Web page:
The Robert Pickton trial will not in any way address the larger political issue of how to prevent the continuing disappearances and killings of sex-trade workers, wrote Alan Young, professor in York’s Osgoode Hall Law School, in a commentary written for the Globe and Mail Jan. 19. Every government report written in the past 20 years has acknowledged that street prostitution is a dangerous business; but, even as the body count continues to rise, nothing is done.
No one will really know how many prostitutes are killed every year, because they often just go missing and no one cares to look for them. In 2003, when the Green River Killer, Gary Ridgway, was sentenced for 48 killings in the state of Washington, he told the court that he "picked prostitutes as victims because they are easy to pick up without being noticed…I thought I could kill as many of them as I wanted without being caught."
‘Extracurriculars’ vital on curriculum vitae
Most of my classmates thought I was crazy when I told them what I had planned for my December break, wrote Richard Bloom, in his ongoing series on life as an MBA student in York’s Schulich School of Business for the Globe and Mail Jan. 19. With more and more employers putting a greater emphasis on extracurricular activities when making final hiring decisions, I decided to forgo most of my holiday in an attempt to further differentiate myself in the ultra competitive post-grad job market.
My holiday included a whirlwind two-week jaunt to the Middle East to do preliminary work for a consulting course and network with students abroad. Then, it was off to Edmonton where I participated in the annual MBA Games – a great opportunity to network some more, socialize with classmates and participate in some friendly competition against Canada’s top business schools.
Fix Randle Reef and perception
A York University study reports improving Hamilton harbour’s Randle Reef would have direct and indirect benefits – property values, downtown investment and helping attract top-flight workers, scientists and students – worth nearly $1 billion, wrote the Hamilton Spectator in an editorial Jan. 19. Whether that number is accurate or not, this is a project that should go forward. The proposed Randle Reef containment work has to be done regardless of economic benefits; Randle Reef is by far the most toxic and contaminated spot in the harbour. Blobs of coal tars have been spotted in the water nearby.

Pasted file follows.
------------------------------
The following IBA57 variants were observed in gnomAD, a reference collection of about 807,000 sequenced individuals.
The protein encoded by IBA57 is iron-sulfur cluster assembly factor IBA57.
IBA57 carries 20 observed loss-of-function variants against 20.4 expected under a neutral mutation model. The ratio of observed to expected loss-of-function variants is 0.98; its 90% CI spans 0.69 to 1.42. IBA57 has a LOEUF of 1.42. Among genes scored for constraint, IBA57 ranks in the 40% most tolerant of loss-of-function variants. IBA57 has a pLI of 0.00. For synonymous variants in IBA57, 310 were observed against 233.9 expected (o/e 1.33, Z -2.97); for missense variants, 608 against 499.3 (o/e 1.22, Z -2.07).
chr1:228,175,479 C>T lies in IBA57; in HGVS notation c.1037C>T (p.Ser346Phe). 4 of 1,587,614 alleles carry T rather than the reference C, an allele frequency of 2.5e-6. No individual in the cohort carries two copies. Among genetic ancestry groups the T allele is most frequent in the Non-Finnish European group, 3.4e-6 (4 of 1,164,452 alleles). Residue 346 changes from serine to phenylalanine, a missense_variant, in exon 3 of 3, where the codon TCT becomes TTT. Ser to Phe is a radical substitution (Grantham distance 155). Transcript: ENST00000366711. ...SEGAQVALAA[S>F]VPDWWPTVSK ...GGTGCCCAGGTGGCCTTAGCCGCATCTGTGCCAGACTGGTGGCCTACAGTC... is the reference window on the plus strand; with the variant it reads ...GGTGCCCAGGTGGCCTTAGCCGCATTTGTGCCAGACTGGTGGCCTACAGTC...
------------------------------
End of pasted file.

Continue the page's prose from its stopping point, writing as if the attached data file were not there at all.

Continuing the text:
- The York University study on the economic benefits of cleaning up Hamilton harbour was also featured on that city’s CHML radio and CHCH-TV, Jan. 18.
The touchy subject of self
Selfish by York Professor Barbara McGill Balfour at BC’s Richmond Art Gallery might turn visitors away, wrote the Richmond Review Jan. 18, before reassuring their readers the police tape-style banner at the exhibit’s entrance is not what it seems (it reads "Danger, I think I’m falling in love with you"). Balfour is head of the print media area in York’s Department of Visual Arts in the Faculty of Fine Arts. She considers herself a full-time teacher and a full-time artist. In a few of the show’s works she has inserted her face and certain body parts into images of TV show characters: Emma Peel from The Avengers and Buffy Summers from Buffy the Vampire Slayer. "It’s not that I identify with them, in fact I think I’m interested in these characters because their life is nothing like my own."
Psychology alumna works with adults and sleepless children
My job involves clinical work (both assessment and treatment) as well as research and writing, said Dr. Nicky Cohen (BA ’96, MA ’00, PhD ’06), a York grad now working as a clinical psychologist, in the Etobicoke Guardian Jan. 18. I work in the private practices of two clinical psychologists. With one, I provide assessment and treatment of various adult psychological problems. In the other practice, I work specifically in the area of pediatric sleep. I provide assessment and consultation regarding infant, toddler and preschooler sleep disturbances, such as bedtime problems, night wakings, early morning awakenings, nightmares and sleep terrors. I have also been a teaching assistant for several psychology undergraduate courses in York’s Faculty of Health.
Schulich grad opened his RSP as a teenager
Dave Chan‘s foray into RRSPs began when he was 19, working at his first job as a teller at a bank, wrote the Toronto Star Jan. 18 in a story about people who started saving for retirement early. Chan, who graduated from York’s Schulich School of Business in 1993 and is investing about $1,600 in his RRSPs every month, said he is going to do it as long as he can afford it. "As I get married and have kids, I will probably reduce that amount," said Chan, who is now working for CIBC in an MBA rotation program. His tips to youngsters not yet into RRSPs? Start early, invest regularly and start an automatic withdrawal plan that automatically deposits money in the RRSP account.
- Daniel Cohn, a professor in York’s Atkinson School of Public Policy & Administration, spoke about the costs of split shifts and longer hours for nurses, on Vancouver’s CKNW radio, Jan. 18.
- Oren Amitay, professor in the Department of Psychology at Glendon, spoke about how the television shows people watch say something about them, on CBC Radio (Windsor) Jan. 18.